You start each class with a group warm up exercise, which helps prepare the muscles and minds of your students for the practice ahead. Your students expect that each class will begin the same way, and they try to perform the movements in unison with each other. When it comes to competitions, though, this go-to warm up is a little less reliable. Your dancers might travel separately to the competition venue, or maybe there’s limited space, and it ends up that each of your dancers’ stretches on their own, off in a corner or hallway, or in pairs.
While independent stretching before competitions is unproblematic for advanced, experienced dancers, a group warm up exercise before competitions can be incredibly beneficial. Just make sure that you take up as little space as possible and choose a warm-up location that’s away from high-traffic areas.
Boost Performance and Reduce Injury
The main goal of warming up is to raise the body’s temperature by a few degrees, noted Jan Dunn in a post for 4Dancers.org. By increasing body temperature, you lubricate your joints, boost blood flow to your muscles, raise your breathing rate and strengthen your mind-body connection. A warm-up that is not done properly or is insufficient can lead to injury and hurt a dancer’s performance.
Younger or inexperienced dancers likely do not have a thorough understanding of what a correct and effective warm-up entails. By leading a group warm-up with all of your dancers before a competition, you can ensure that each and every one of your students has fully prepared their muscles to perform safely and at their best.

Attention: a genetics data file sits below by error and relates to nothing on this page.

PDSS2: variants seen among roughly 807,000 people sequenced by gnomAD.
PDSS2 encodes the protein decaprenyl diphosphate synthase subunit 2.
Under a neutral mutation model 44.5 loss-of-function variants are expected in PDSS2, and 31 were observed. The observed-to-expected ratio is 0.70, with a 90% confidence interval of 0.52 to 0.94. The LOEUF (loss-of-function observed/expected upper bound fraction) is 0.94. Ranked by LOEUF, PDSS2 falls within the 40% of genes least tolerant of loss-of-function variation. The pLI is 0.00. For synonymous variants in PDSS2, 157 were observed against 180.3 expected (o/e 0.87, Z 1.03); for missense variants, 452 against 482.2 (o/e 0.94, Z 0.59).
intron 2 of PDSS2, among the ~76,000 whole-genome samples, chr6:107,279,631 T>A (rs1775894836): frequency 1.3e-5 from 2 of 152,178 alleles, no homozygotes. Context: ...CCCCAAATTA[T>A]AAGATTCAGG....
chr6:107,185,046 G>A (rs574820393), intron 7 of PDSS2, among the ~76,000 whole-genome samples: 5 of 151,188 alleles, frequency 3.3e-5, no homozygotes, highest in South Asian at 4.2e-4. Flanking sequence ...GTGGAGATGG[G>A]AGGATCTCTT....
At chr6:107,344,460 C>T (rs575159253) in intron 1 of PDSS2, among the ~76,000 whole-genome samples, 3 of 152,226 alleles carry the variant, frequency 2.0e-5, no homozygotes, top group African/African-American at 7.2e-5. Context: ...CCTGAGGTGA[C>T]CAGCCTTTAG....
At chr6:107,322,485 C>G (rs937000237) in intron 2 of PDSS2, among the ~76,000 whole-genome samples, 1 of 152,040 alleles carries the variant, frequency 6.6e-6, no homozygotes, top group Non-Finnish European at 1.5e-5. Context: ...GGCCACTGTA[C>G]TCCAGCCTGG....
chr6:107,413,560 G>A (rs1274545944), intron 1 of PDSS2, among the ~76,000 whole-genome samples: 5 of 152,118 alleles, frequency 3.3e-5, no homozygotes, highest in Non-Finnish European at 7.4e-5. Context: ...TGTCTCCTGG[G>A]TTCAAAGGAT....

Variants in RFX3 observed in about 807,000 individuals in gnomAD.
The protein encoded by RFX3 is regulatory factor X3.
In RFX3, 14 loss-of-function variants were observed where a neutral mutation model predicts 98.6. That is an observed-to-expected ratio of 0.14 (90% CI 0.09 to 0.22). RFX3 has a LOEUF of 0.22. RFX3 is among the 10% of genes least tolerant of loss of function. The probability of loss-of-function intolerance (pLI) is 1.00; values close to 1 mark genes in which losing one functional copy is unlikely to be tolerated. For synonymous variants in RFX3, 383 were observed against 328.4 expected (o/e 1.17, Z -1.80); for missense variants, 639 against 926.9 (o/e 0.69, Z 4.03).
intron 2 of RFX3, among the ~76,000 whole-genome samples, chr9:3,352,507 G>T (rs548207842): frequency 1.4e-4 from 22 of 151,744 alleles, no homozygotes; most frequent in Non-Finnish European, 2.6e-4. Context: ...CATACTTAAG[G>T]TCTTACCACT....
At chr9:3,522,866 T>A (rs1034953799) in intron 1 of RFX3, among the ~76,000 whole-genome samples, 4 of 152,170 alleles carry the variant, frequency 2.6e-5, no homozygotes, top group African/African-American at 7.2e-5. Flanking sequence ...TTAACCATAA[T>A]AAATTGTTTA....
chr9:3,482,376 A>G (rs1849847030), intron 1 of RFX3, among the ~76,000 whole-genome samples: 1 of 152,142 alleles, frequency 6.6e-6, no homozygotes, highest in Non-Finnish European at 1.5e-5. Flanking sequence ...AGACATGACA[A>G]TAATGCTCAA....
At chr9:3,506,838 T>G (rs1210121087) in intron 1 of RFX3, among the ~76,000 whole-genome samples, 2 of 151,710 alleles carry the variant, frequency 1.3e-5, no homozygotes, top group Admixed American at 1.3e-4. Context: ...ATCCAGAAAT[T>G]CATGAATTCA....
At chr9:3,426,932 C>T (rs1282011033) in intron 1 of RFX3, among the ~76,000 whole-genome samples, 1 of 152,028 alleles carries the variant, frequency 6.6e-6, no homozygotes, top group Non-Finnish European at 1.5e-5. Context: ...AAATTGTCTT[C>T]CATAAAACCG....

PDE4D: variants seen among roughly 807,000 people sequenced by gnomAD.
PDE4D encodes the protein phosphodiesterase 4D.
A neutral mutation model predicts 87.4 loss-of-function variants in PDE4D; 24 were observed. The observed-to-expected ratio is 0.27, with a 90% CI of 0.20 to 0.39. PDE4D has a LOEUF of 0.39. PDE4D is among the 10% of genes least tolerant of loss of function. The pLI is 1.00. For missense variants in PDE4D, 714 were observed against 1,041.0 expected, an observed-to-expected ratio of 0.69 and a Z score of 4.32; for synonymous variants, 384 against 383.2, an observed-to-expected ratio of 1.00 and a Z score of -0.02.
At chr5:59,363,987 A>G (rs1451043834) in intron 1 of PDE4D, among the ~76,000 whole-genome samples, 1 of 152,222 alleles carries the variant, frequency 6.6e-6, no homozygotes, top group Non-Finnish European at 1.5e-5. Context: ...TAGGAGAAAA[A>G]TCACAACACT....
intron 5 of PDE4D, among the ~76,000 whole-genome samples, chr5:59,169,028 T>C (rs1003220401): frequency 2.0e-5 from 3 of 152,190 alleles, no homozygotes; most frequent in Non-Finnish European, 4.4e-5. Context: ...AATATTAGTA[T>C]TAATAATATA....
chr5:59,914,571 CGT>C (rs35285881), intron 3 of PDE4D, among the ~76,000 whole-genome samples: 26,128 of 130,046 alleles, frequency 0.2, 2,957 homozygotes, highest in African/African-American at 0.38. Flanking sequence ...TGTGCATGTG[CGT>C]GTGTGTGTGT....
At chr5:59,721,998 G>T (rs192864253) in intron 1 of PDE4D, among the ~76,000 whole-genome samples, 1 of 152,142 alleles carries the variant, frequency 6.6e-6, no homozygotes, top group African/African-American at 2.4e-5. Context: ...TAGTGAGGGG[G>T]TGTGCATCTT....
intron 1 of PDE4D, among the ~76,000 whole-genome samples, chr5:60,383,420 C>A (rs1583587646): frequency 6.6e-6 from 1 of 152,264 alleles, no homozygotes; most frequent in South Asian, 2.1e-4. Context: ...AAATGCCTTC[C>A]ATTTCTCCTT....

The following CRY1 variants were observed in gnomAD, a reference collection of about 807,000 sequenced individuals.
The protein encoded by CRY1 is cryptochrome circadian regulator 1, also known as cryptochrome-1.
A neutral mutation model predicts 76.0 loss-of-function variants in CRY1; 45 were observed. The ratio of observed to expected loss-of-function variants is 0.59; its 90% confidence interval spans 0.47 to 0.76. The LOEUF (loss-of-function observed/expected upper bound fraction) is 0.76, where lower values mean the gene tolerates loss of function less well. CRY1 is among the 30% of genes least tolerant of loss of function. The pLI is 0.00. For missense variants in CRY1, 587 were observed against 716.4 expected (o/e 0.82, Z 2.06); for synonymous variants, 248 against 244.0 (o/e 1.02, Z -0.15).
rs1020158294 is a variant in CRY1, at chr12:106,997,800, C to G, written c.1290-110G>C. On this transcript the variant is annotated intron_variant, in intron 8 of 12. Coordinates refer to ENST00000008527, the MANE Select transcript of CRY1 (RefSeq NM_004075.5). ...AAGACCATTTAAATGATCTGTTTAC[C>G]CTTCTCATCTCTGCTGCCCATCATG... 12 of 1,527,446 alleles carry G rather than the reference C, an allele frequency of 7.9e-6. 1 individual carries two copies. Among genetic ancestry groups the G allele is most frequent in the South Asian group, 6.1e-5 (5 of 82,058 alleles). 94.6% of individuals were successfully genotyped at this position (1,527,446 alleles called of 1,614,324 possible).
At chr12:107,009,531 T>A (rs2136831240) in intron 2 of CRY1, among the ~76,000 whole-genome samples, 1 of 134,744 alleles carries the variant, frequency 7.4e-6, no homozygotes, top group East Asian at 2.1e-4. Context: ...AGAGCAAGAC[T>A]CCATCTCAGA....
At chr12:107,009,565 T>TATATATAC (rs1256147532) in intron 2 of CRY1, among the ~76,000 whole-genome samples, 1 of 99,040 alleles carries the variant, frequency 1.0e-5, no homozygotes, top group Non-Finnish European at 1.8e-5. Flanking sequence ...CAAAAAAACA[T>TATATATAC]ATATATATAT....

Nerves are high before a competition, and when a student is off on her own stretching and watching dancers from other studios warm-up, her nerves can jump up even higher.
“Getting engrossed in others’ dancing could make you nervous or subliminally lower your expectations for yourself,” wrote Amy Brandt for Pointe Magazine.
A group warm-up before a competition allows your students to focus on you and each other, and not the dancers they’re competing against. By following your warm-up instructions, they can focus on their own skills and better drown out noisy distractions.
An effective warm up exercise routine includes a variety of movements and stretches, and it’s much easier for dancers to forget certain movements if they’re warming up independently. A thorough warm-up involves three stages, passive, general and specific, explained Dance Advantage.
The passive warm-up is simply making gentle movements while wearing legwarmers and other layers to raise body temperature. The general warm-up, which is 5 to 10 minutes of light cardio, is likely the warm-up stage most skipped over by dancers, according to the site. And the specific stage is when unique movements are done to work the main muscle groups that will be taxed during the performance, and includes barre and center work.
A thorough, multi-stage warm-up is the best preparation before a competition.